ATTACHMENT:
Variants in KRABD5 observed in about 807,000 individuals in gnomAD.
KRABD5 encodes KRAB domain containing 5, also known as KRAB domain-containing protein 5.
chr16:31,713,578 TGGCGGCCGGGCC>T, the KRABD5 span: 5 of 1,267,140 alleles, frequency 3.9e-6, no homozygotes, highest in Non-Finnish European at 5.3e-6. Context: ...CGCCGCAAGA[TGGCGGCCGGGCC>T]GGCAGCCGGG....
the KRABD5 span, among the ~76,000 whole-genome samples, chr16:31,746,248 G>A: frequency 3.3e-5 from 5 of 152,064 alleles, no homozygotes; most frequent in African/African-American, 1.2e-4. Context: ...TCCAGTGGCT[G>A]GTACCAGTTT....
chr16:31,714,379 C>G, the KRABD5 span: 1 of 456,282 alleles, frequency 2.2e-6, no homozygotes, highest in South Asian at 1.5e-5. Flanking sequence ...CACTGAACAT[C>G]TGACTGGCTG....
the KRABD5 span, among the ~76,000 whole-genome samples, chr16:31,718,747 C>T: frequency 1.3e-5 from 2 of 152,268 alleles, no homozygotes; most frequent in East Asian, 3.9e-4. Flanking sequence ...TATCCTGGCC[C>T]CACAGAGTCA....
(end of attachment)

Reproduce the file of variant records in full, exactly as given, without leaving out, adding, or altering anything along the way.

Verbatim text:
Variants in KRABD5 observed in about 807,000 individuals in gnomAD.
KRABD5 encodes KRAB domain containing 5, also known as KRAB domain-containing protein 5.
chr16:31,713,578 TGGCGGCCGGGCC>T, the KRABD5 span: 5 of 1,267,140 alleles, frequency 3.9e-6, no homozygotes, highest in Non-Finnish European at 5.3e-6. Context: ...CGCCGCAAGA[TGGCGGCCGGGCC>T]GGCAGCCGGG....
the KRABD5 span, among the ~76,000 whole-genome samples, chr16:31,746,248 G>A: frequency 3.3e-5 from 5 of 152,064 alleles, no homozygotes; most frequent in African/African-American, 1.2e-4. Context: ...TCCAGTGGCT[G>A]GTACCAGTTT....
chr16:31,714,379 C>G, the KRABD5 span: 1 of 456,282 alleles, frequency 2.2e-6, no homozygotes, highest in South Asian at 1.5e-5. Flanking sequence ...CACTGAACAT[C>G]TGACTGGCTG....
the KRABD5 span, among the ~76,000 whole-genome samples, chr16:31,718,747 C>T: frequency 1.3e-5 from 2 of 152,268 alleles, no homozygotes; most frequent in East Asian, 3.9e-4. Flanking sequence ...TATCCTGGCC[C>T]CACAGAGTCA....